An important and interesting property of both the command interpreter and the graphical user interface is extendibility. It is very easy to add further commands (and associated actions) to the command interpreter (using straightforward DCG syntax). The graphical user interface can be extended by writing Tcl/Tk scripts, possibly in combination with some Prolog code. A number of examples will be given in the remainder of this paper.
Finally note that it is also possible to run Hdrug without the graphical user interface present (simply give the notk option at startup). This is sometimes useful if no X workstation is available (e.g. if you connect to the system over a slow serial line), but also for batch processing. At any point you can start or stop the graphical user interface by issuing a simple command.
Hdrug supports the visualisation of a large collection of data-structures into a number of different formats.
These formats include (at the moment not all datastructures are supported for all formats. For example, plots of two dimensional data is only available for Tk):
The data-structures for which visualisation is provided are:
Trees. Various tree definitions can exist in parallel. For example, the system supports the printing of syntax trees, derivation trees, type hierarchy trees, lexical hierarchies etc. Actions can be defined which are executed upon clicking on a node of a tree. New tree definitions can be added to the system by simple declarations.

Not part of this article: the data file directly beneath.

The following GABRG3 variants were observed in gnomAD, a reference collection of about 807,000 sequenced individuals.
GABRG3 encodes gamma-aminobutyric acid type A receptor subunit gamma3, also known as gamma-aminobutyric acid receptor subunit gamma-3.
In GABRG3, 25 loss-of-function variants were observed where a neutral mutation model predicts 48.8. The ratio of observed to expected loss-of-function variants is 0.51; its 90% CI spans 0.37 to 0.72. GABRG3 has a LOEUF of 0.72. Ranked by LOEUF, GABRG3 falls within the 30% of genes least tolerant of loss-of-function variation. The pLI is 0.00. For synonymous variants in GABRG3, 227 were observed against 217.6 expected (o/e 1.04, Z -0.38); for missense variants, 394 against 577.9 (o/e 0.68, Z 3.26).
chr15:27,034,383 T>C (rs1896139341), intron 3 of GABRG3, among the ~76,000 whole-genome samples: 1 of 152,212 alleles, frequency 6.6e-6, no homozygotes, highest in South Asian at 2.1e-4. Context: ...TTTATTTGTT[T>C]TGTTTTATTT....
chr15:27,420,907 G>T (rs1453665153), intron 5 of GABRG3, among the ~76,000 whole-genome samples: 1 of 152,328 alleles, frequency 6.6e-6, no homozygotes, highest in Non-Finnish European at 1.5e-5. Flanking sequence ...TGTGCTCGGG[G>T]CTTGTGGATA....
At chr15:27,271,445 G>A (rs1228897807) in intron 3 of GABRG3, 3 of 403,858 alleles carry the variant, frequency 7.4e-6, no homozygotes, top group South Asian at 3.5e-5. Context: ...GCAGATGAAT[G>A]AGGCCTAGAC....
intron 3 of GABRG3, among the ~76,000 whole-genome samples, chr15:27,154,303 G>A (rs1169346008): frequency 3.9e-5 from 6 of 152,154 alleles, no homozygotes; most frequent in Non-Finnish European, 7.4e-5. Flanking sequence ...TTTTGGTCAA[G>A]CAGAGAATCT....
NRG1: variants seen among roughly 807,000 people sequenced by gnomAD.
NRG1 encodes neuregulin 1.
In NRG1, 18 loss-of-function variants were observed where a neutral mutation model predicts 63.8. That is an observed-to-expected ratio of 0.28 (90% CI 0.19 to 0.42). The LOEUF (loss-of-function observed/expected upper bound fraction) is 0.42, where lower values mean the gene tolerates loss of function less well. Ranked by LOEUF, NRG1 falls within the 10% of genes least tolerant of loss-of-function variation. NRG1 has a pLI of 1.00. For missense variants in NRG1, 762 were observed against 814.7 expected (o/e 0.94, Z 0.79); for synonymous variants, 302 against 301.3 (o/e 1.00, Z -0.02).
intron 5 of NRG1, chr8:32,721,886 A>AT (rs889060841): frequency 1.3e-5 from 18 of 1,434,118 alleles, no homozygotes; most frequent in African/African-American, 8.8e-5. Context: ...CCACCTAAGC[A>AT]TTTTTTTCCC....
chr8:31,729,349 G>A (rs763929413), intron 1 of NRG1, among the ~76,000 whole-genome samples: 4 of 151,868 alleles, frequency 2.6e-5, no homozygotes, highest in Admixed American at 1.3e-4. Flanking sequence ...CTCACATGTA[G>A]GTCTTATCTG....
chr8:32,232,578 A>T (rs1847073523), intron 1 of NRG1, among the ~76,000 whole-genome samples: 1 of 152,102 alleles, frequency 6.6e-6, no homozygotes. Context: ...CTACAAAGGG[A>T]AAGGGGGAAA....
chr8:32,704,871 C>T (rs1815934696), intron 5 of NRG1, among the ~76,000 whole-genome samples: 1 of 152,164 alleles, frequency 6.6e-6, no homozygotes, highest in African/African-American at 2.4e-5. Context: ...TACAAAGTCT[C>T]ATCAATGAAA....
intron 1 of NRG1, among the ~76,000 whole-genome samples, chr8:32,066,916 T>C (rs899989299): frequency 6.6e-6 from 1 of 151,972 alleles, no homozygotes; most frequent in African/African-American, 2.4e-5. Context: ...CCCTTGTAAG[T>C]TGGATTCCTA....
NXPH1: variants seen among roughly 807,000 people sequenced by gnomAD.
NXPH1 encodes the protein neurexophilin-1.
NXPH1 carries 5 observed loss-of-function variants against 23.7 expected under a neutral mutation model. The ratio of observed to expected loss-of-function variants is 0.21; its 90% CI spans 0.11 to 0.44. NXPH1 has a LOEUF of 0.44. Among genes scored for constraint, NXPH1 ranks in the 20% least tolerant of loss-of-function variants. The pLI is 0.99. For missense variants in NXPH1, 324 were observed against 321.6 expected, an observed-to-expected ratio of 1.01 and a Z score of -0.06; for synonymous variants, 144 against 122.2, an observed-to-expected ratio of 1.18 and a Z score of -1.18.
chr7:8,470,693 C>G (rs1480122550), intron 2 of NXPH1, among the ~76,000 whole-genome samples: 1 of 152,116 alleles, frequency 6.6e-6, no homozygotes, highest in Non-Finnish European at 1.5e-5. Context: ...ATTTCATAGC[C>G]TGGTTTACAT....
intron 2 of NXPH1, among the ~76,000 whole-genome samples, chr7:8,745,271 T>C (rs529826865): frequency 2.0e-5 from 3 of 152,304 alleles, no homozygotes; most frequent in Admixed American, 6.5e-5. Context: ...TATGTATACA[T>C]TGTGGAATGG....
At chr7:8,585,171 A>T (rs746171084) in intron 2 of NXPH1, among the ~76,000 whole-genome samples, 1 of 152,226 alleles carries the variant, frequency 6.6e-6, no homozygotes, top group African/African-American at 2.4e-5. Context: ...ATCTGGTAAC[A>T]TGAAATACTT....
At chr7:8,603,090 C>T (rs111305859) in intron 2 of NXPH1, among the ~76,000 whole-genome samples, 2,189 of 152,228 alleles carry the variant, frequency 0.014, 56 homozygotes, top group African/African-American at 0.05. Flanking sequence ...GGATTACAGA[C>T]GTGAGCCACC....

Feature structures. Clicking on attributes of a feature-structure implode or explode the value of that attribute. Such feature structures can be the feature structures associated with grammar rules, lexical entries, macro definitions and parse results.
Trees with feature structure nodes. Again, new tree definitions can be declared. An example is dt.png
Graph (plots of two variable data), e.g. to display the (average) cputime or memory requirements of different parsers.
Definite clauses with feature structure arguments. This can be used e.g. to visualise macro definitions, lexical entries, and grammar rules (possibly with associated constraints).
Hdrug provides an interface for the definition of parsers and generators. Hdrug manages the results of a parse or generation request. You can inspect these results later. Multiple parsers and generators can co-exist. You can compare some of these parsers with respect to speed and memory usage on a single example sentence, or on sets of pre-defined example sentences. Furthermore, actions can be defined which are executed right before parsing (generation) starts, or right after the construction of each parse result (generation result), or right after parsing is completed.
Most of the visualisation tools are available through libraries as well. In addition, the Hdrug library contains mechanisms to translate Prolog terms into feature structures and vice versa (on the basis of a number of declarations). Furthermore, a library is provided for the creation of `Mellish' Prolog terms on the basis of boolean expressions over finite domains. The reverse translation is provided too. Such terms can be used as values of feature structures to implement a limited form of disjunction and negation by unification.
A number of smaller utilities is provided in the library as well, such as the management of global variables, and an extendible on-line help system.